Pegylated Interferon to Treat Chronic Hepatitis D
|The safety and scientific validity of this study is the responsibility of the study sponsor and investigators. Listing a study does not mean it has been evaluated by the U.S. Federal Government. Read our disclaimer for details.|
|ClinicalTrials.gov Identifier: NCT00023322|
Recruitment Status : Completed
First Posted : September 3, 2001
Results First Posted : July 10, 2013
Last Update Posted : July 10, 2013
This study will evaluate the safety and effectiveness of a long-acting form of alpha interferon called pegylated interferon in treating hepatitis D virus (HDV) infection. HDV only infects people who already have hepatitis B infection. HDV is often severe and progressive. Alpha interferon is the standard treatment for HDV, given by injection once a day or three times a week for up to 12 months. However, this treatment does not work for everyone, and those who respond usually relapse when the drug is stopped. The sustained-release form of the drug, pegylated interferon, is given just once a week. Pegylated interferon is more effective than standard interferon in hepatitis C patients, with patients experiencing longer-term improvement. This study will evaluate the effects of pegylated interferon on hepatitis D and hepatitis B. It will determine whether long-term therapy with this drug improves inflammation and scarring of the liver, thereby delaying or reversing cirrhosis, and whether the improvement can be maintained.
Patients with chronic hepatitis D over 6 years old may be eligible for this study. Participants will have a medical evaluation, including a history and physical examination, blood tests, routine urinalysis and 24-hour urine collection. Chest X-ray, electrocardiogram, abdominal ultrasound and liver biopsy will be done if these tests have not been done within the last year. In addition, depending on their age and individual health status, some patients may have exercise stress testing, an eye examination, hearing test, and psychiatric consultation. All patients will fill out a health-related quality of life questionnaire.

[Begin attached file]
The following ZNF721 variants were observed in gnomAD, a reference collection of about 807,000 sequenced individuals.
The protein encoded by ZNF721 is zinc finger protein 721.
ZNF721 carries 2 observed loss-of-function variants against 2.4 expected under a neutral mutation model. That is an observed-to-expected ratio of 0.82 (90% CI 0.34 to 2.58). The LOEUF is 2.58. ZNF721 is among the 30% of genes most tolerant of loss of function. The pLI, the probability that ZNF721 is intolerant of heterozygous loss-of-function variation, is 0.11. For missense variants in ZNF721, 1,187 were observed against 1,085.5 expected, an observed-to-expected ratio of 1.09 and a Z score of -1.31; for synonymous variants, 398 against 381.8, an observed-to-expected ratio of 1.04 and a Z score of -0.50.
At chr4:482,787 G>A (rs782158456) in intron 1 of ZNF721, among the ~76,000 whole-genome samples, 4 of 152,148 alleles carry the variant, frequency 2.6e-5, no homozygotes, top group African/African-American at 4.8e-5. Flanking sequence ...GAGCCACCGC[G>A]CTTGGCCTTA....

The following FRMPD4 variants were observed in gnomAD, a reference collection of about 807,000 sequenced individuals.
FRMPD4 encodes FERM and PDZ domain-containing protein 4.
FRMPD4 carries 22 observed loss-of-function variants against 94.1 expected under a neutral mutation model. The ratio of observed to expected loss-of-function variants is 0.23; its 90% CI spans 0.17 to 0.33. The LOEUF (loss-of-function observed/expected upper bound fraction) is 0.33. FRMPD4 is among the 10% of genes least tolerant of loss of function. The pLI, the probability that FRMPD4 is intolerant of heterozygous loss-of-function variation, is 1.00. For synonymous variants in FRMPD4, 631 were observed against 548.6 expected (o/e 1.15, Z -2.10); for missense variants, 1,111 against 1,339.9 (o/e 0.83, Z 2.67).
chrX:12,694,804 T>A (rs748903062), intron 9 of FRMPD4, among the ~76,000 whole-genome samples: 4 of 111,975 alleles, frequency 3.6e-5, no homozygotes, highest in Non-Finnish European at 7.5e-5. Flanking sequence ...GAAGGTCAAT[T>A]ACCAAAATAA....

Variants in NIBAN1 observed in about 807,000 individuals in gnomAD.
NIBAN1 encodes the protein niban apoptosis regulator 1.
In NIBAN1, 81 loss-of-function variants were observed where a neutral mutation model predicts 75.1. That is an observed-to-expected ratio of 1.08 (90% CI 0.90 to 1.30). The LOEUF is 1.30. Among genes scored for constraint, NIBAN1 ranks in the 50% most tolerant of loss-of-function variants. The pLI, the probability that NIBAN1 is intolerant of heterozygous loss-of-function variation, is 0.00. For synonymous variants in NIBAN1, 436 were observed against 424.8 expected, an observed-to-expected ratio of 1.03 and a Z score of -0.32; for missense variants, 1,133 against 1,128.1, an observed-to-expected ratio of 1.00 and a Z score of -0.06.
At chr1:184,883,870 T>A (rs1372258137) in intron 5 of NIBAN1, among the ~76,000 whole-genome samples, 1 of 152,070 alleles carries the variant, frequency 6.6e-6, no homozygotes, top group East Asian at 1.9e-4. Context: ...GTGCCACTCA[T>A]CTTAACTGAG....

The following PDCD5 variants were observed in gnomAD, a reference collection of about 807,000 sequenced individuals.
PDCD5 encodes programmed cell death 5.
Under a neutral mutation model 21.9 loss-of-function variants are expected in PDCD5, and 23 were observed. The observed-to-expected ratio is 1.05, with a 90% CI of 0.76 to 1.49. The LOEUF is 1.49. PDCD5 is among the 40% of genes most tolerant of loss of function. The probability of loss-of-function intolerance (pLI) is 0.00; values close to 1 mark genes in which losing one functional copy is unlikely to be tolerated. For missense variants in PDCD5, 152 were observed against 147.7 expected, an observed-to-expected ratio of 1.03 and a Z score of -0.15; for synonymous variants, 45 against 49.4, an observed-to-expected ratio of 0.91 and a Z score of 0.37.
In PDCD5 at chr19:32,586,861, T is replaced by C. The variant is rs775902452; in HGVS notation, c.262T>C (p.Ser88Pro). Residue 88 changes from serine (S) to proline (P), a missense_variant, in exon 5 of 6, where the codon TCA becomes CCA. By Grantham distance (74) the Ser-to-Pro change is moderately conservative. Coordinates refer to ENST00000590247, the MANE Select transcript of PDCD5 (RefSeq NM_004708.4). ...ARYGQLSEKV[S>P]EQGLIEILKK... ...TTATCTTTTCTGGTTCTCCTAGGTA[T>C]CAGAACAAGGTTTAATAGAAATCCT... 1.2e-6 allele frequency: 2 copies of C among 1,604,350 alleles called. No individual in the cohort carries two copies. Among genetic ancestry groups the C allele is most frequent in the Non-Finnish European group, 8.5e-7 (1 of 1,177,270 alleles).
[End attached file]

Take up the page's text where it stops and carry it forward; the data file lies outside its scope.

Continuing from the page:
Patients will receive pegylated interferon by injection once a week and have blood tests to measure the effects of treatment on the liver and on HBV and HDV levels. The medical examination and liver biopsy will be repeated at the end of 12 months. Patients who improved with treatment may continue therapy long-term. Medical evaluations and liver biopsies will be repeated at 3 years and at 5 years.
|Condition or disease||Intervention/treatment||Phase|
|Hepatitis D||Drug: Peginterferon Alpha-2a||Phase 2|
|Study Type :||Interventional (Clinical Trial)|
|Actual Enrollment :||13 participants|
|Intervention Model:||Single Group Assignment|
|Masking:||None (Open Label)|
|Official Title:||Treatment of Chronic Delta Hepatitis With Pegylated Interferon|
|Study Start Date :||August 2001|
|Primary Completion Date :||May 2012|
|Study Completion Date :||October 2012|
Experimental: Peginterferon Alpha-2a
Patients with hepatitis D virus (HDV) infection are treated with pegylated alpha interferon therapy for 3 years. The dose of the drug is 180 mcg/week.
Drug: Peginterferon Alpha-2a
- Histological Response at 3 Years [ Time Frame: 3 years ]Histological response is defined as at least 3 point improvement in inflammatory score or 1 point improvement in fibrosis score of the HAI at each liver biopsy.
- Histological Response at 5 Years [ Time Frame: 5 years ]Histological response is defined as at least 3 point improvement in inflammatory score or 1 point improvement in fibrosis score of the HAI at each liver biopsy.
To learn more about this study, you or your doctor may contact the study research staff using the contact information provided by the sponsor.
Please refer to this study by its ClinicalTrials.gov identifier (NCT number): NCT00023322
|United States, Maryland|
|National Institutes of Health Clinical Center, 9000 Rockville Pike|
|Bethesda, Maryland, United States, 20892|
|Principal Investigator:||Theo Heller, M.D.||National Institute of Diabetes and Digestive and Kidney Diseases (NIDDK)|